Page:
Written by HOA Management

One of the perks of living in an HOA community is gaining access to its common areas. But, what are HOA common areas anyway? And who is responsible for maintaining them?  

The definition of common in HOA communities can change from one association to another. Generally speaking, though, common areas are amenities or spaces in an HOA neighborhood that are open for the use of all the association’s members.

When you buy a home in an HOA, you automatically become a member of that HOA. That comes with certain obligations, such as paying regular dues and routine property maintenance. But, it also comes with the benefit of using common amenities and spaces. And, it’s those very dues that you pay that are used to maintain the common areas of the association.

While communities can have different types, homeowners association common areas typically include pools, clubhouses, fitness centers, hallways, stairways, elevators, sidewalks, and streets. There are even HOA communities that have their own tennis courts, golf courses, lakes, and equestrian facilities. Of course, the more comprehensive the HOA common areas, the higher the regular dues tend to be.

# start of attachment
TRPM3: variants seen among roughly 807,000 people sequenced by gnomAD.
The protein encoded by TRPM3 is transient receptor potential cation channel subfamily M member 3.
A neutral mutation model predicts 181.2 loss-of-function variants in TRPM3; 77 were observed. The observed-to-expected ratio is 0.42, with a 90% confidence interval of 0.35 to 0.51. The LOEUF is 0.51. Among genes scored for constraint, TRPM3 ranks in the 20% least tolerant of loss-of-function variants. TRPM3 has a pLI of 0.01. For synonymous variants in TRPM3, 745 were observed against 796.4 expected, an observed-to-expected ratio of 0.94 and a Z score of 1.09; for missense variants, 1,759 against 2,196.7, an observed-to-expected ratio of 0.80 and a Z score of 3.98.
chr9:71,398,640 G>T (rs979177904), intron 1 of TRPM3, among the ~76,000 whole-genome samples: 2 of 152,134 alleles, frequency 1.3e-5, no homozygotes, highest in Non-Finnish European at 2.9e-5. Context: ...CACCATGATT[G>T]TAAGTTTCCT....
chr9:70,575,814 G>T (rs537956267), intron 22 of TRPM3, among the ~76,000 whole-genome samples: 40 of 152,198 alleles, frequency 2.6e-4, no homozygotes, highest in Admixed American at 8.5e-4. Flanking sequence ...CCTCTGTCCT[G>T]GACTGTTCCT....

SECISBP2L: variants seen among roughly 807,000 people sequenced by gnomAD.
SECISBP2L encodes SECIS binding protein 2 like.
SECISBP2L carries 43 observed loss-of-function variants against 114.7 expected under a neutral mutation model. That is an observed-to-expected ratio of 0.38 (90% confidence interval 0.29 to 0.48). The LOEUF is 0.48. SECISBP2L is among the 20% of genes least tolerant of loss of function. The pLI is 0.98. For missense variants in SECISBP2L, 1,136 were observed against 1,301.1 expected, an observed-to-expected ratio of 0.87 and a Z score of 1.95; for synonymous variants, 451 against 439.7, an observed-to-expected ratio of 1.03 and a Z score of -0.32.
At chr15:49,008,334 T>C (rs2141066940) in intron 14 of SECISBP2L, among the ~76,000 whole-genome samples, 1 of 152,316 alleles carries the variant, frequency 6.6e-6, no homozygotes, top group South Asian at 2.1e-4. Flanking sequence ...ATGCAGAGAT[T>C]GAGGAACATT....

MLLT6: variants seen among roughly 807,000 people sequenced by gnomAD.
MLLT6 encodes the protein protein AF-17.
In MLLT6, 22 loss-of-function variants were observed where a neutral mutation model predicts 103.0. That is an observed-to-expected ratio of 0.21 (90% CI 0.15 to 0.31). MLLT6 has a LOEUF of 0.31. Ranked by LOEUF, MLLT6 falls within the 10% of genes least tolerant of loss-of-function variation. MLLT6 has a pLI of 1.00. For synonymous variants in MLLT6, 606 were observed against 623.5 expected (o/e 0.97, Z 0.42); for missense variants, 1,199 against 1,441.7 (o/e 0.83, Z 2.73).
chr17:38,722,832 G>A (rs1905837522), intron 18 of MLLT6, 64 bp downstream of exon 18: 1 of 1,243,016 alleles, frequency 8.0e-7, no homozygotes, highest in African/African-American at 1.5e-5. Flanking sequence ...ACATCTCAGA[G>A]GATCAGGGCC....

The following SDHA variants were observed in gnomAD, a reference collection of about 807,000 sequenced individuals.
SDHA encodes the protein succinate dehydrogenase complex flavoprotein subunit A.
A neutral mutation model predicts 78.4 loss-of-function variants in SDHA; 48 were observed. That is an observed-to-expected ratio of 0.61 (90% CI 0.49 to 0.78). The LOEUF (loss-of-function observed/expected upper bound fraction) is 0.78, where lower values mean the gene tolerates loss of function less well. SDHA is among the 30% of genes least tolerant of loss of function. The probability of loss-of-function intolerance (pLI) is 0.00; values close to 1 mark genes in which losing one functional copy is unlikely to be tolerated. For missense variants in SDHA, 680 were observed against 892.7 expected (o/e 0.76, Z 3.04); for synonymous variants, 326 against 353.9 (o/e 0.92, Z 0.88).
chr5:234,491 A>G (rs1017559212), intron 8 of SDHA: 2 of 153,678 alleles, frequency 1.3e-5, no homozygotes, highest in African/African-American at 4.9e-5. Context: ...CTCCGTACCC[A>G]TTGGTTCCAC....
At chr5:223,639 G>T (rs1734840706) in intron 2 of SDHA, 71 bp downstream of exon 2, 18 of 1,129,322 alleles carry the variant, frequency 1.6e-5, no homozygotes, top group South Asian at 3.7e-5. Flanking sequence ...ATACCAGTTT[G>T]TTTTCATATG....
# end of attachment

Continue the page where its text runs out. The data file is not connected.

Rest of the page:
Common areas, also known as common elements, can be further broken down into three categories: general common elements, limited common elements, and exclusive use common elements.

General common elements usually refer to the elements that all homeowners in the community can use. You will find the exact location of these elements in the community plat. Some examples include pools, gyms, clubhouses, entrance/exit gates, etc.

hoa common area rulesLimited common elements usually refer to elements that are not open to all homeowners but are still used by more than one homeowner. This is more common in condominiums and townhomes. For instance, an elevator in condominium building A may only be used by homeowners living in that building but not by homeowners in condominium building B. Similar to general common elements, you will find the exact location of limited common elements in the community plat.